The new color profiles will end the endless discussions about what Raw converter has better default color rendering. Camera Raw does now since you can use many various profiles or make your own. This is big news, and one wonders what the camera companies think about this.

Bridge CS4
Poor Bridge, it gets no respect, but Bridge CS4 has grown, even if what has been worked on is mainly under the hood. Bridge has long suffered from what many say is poor performance and stability—and that’s the primary work that has been done since CS3. The performance has been tuned to substantially improve preview reading and rendering. If you want to live with using the embedded previews (as opposed to spending the time generating high-quality previews), Bridge can do so just about as fast as any image browser out there. But even when the image must be parsed to generate HQ previews or even 100% previews (new in CS4), the speed has been improved.

Some new usability and functionality has been added. For example, new filtering criteria has been added, as well as improved navigation and searching. Both Photoshop CS4 and Bridge CS4 have new Flash-based metadata dialogs for File Info, but the Metadata Panels haven’t been substantially changed.

One new thing (that I’m rather partial to because the Bridge engineers kind of did it for me) is the addition of the Grid mode, allowing the ability to lock an image in a grid. No more seeing half of the top row and half of the bottom row. In the Grid mode, scrolling always will result in full thumbnail views.

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Many users of Camera Raw have complained that Camera Raw and the camera JPEGs never matched. Now, users can select from a variety of new profiles intended to emulate the on camera settings. Adobe released new camera profiles as betas when Lightroom 2.0 was shipped. These new profiles now are installed along with Camera Raw 5.
If the new profiles aren’t exactly to your liking, you can download and use the DNG Profile Editor. Visit the DNG Profile Editor pages on the www.labs.adobe.com website and read the excellent documentation.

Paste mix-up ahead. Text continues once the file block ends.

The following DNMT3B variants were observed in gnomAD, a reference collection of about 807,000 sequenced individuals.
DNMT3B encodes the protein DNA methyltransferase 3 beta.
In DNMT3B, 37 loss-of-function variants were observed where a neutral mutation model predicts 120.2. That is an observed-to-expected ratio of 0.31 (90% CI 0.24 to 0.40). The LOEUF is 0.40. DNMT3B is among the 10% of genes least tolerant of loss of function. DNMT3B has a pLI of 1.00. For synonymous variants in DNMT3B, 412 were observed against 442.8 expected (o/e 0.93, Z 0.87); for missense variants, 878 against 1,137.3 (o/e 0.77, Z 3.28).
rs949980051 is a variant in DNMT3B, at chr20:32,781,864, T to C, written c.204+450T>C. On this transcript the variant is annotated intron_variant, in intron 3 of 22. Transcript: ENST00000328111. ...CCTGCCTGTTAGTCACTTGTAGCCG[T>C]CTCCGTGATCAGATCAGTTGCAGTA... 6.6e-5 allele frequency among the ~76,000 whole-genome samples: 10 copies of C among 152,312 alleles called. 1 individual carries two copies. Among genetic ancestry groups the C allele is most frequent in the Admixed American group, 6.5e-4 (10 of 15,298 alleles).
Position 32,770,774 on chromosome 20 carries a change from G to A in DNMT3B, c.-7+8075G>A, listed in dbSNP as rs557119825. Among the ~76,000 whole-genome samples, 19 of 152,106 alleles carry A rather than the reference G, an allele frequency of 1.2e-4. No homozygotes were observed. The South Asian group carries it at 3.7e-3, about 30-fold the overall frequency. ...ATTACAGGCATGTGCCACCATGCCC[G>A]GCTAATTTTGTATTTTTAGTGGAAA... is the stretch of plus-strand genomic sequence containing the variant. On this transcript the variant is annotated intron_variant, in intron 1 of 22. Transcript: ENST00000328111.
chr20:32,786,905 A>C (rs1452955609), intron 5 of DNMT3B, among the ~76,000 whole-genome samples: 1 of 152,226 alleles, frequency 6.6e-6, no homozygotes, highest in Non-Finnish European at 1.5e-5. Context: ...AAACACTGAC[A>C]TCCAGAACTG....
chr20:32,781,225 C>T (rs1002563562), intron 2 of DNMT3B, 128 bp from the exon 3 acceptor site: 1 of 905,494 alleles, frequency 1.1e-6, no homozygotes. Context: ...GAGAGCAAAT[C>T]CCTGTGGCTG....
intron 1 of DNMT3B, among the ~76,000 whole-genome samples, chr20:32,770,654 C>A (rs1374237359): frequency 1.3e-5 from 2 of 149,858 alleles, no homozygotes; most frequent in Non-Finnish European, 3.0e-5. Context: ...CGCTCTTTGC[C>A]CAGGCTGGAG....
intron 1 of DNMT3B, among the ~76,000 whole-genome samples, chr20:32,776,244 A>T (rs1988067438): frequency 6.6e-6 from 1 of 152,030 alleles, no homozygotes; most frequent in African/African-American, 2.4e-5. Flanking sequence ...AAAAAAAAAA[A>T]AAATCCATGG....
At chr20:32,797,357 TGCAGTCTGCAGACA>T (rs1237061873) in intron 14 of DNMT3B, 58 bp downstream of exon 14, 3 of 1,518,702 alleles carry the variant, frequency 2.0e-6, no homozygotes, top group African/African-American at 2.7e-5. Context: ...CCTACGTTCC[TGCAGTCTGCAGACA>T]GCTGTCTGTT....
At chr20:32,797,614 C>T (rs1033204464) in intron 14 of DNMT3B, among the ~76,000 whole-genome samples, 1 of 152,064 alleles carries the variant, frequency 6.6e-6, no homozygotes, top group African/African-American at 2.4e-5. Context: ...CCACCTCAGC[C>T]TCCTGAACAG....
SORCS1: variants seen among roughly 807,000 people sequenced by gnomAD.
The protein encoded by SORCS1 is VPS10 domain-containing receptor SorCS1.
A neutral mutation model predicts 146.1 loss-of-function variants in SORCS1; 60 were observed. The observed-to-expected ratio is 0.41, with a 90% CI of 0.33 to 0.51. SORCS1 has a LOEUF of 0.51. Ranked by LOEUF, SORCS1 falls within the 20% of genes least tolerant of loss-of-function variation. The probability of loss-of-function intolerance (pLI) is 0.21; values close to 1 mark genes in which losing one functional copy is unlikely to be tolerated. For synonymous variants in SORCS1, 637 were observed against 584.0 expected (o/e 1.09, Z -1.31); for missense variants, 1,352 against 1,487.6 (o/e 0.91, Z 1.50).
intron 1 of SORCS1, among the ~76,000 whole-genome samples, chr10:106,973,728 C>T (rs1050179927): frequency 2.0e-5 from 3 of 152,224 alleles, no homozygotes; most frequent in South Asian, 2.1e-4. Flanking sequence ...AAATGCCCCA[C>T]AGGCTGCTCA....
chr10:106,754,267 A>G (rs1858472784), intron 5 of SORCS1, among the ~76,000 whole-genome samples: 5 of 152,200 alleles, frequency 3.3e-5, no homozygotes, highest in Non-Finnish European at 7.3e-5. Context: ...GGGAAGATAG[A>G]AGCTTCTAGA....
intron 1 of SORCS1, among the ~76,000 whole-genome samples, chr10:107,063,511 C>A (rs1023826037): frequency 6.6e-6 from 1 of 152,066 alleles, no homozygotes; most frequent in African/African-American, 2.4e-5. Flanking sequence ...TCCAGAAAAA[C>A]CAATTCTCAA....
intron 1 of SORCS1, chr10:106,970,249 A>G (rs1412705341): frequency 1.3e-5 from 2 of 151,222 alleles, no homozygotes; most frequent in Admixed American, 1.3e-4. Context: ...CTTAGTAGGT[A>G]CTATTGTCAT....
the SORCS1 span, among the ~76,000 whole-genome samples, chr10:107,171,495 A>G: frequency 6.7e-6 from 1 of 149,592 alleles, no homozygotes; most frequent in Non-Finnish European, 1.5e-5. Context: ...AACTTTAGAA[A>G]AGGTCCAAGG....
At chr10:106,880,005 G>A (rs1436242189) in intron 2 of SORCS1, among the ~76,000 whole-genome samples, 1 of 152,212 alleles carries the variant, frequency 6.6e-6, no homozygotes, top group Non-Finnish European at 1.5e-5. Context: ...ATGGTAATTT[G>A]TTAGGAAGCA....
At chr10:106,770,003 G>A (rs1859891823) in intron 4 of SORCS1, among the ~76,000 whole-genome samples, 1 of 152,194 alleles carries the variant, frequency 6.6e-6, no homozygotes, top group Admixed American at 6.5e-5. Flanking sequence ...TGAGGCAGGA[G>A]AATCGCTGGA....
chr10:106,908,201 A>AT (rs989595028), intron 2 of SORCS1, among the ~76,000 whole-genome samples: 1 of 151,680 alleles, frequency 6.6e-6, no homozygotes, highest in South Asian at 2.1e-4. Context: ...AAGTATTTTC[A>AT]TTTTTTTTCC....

The new Output workspace allows you to create a Web Gallery and PDF output. This figure shows the controls for the Web Gallery.

I liked its code name of Grid Lock, but some at Adobe thought that name had some negative connotations. Whatever. I like the new Grid locked views. Bridge CS4 also has received a facelift when it comes to generating web galleries and PDF slideshows.
adobe As the new version of the Creative Suite comes out, we’ll have broader coverage of the features in future issues of Digital Photo Pro.

Is the new version of Photoshop CS4 worth the price and hassle? Well, what would you expect me to say? There are some obvious advantages and improvements and some useful refinements, and Adobe must be congratulated for coming up with even more goodies after all these years. Heck, Photoshop is now over 18 years old (old enough to vote, too young to drink), and the guy who originally wrote it is still involved and doing neat things. Ya gotta love that!

Jeff Schewe is a reformed advertising photographer in Chicago (meaning he doesn’t really do ad work anymore). A longtime alpha/beta tester for Photoshop, Camera Raw, Bridge and Lightroom, Schewe is the co-author (along with the late Bruce Fraser) of Real World Camera Raw with Photoshop CS4 (Peachpit) and will coauthor with Martin Evening a new Photoshop for Photographers—The Ultimate Workshop (Focal Press), due in early 2009. In addition, Schewe is a founding member of Pixel Genius, LLC, along with Fraser, Martin Evening, Andrew Rodney, Seth Resnick and new member Mac Holbert of Nash Editions. Pixel Genius’ PhotoKit Output Sharpening logic was incorporated in the recently released Adobe Lightroom 2.0, and Fraser and Schewe consulted in the capture sharpening in Camera Raw.